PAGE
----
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Palgrave Macmillan

Toxic Parliaments

And What Can Be Done About Them

  • Book
  • Open Access
  • © 2024

You have full access to this open access Book

Overview

  • Examines how Westminster parliamentary systems have dealt with harassment in the workplace
  • Assesses the possibilities of lasting institutional change
  • Shows how different parliaments have responded to increased evidence of misconduct
  • This book is open access, which means that you have free and unlimited access

Part of the book series: Gender and Politics (GAP)

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About this book

This open access book shows how the #MeToo movement and revelations of sexual harassment and bullying have spurred on reform of the parliamentary workplace in four Westminster countries – Australia, Canada, New Zealand and the UK.  Long-standing conventions included extreme power imbalances between parliamentarians and staff and a lack of professionalised employment practices. Codes of conduct and independent complaints bodies were resisted on grounds of parliamentary privilege: the ballot box was supposedly the best means of holding parliamentarians accountable for their conduct. The taken-for-granted status of adversarial politics and its silencing effects also rendered gendered mistreatment invisible.  The authors examine the institutional backdrop and the different trajectories of reform in the four countries, with most detail on the dramatic developments in Australia after angry women marched on parliament houses in 2021. They show how the different parliaments have responded to escalating evidence of misconduct, the role of policy borrowing, and the possibilities of lasting institutional change.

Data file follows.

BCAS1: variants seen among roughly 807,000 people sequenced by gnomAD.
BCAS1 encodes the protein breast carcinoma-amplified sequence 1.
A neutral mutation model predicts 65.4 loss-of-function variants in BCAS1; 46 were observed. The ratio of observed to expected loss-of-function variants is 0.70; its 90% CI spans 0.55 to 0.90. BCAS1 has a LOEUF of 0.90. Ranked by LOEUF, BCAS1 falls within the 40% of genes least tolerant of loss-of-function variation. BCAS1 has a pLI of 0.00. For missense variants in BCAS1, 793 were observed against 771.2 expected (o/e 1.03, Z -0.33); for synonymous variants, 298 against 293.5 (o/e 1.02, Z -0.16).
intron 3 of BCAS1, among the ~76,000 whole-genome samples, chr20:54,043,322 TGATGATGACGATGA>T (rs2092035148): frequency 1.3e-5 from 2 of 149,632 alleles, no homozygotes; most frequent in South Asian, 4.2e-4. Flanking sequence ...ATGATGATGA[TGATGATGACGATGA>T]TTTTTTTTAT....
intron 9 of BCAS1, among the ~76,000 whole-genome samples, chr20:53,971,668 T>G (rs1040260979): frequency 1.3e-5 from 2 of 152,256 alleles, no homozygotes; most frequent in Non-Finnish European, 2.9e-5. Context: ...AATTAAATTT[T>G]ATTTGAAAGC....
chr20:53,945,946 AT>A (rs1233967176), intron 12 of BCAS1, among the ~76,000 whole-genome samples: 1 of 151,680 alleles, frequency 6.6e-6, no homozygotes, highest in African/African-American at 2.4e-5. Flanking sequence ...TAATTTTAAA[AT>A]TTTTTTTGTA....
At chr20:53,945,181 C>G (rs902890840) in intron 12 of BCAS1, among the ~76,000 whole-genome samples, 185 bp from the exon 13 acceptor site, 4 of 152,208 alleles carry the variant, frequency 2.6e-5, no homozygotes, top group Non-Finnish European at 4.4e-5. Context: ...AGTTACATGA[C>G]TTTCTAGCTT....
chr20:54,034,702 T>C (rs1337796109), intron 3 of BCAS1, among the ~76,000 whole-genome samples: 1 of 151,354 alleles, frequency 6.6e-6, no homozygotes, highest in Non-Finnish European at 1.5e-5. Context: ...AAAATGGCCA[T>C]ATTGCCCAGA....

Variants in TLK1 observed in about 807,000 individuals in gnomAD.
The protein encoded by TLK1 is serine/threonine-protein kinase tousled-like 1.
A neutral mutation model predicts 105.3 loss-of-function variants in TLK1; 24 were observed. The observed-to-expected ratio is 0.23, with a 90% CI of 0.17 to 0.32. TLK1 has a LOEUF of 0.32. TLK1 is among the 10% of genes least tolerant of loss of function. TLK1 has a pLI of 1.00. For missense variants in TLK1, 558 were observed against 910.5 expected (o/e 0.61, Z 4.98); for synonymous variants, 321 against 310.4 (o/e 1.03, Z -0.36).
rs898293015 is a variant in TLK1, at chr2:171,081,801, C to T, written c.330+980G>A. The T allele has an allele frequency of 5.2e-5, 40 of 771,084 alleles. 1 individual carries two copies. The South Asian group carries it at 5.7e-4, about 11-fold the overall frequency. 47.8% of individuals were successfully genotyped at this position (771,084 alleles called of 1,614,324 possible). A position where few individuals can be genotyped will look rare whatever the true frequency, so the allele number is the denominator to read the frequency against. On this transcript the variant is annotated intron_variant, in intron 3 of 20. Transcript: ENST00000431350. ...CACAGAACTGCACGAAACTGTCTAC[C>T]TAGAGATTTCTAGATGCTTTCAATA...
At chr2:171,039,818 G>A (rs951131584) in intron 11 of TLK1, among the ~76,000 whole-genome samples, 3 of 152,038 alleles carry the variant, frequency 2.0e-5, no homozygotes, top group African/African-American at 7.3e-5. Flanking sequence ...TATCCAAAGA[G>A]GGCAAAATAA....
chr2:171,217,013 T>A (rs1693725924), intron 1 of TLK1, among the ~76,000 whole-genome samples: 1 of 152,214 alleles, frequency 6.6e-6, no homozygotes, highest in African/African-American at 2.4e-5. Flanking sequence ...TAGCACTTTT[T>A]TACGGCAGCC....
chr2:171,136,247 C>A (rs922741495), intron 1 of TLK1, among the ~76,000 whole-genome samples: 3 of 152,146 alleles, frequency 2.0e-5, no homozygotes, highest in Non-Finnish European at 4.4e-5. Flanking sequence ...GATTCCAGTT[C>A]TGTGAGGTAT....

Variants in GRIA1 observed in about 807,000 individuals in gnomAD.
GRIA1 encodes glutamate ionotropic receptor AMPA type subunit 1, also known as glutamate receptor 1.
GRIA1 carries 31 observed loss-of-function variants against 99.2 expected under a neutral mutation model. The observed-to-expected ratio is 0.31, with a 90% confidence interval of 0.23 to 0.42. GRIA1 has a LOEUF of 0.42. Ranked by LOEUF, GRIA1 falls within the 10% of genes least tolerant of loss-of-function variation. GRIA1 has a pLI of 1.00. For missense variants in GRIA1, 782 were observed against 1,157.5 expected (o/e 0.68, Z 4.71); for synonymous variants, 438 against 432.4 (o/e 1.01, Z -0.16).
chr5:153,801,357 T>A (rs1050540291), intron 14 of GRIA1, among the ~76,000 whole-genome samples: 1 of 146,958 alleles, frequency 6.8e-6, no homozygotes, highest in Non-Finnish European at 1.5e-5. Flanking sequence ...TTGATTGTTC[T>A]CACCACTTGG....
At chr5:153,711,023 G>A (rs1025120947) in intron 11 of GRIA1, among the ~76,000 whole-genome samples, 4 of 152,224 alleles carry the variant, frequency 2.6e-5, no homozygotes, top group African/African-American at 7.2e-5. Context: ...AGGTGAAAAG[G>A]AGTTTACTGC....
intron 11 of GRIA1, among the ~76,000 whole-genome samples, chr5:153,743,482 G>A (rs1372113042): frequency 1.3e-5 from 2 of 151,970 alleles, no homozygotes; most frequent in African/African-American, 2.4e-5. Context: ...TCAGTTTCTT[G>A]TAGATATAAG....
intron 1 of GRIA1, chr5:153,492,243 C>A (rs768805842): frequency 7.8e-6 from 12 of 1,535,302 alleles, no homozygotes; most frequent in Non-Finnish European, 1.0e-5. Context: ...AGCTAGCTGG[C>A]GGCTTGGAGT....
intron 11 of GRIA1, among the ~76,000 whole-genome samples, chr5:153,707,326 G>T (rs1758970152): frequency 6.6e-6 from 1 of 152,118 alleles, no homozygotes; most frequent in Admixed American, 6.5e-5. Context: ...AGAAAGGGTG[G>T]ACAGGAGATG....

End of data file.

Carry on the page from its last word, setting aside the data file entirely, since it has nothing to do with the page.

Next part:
Keywords

Table of contents (6 chapters)

Authors and Affiliations

  • Politics and International Relations, Australian National University, Canberra, Australia

    Marian Sawer, Maria Maley

About the authors

Marian Sawer is Emeritus Professor at the School of Politics and International Relations, The Australian National University, Australia.

Maria Maley is Senior Lecturer at the School of Politics and International Relations, The Australian National University, Australia.

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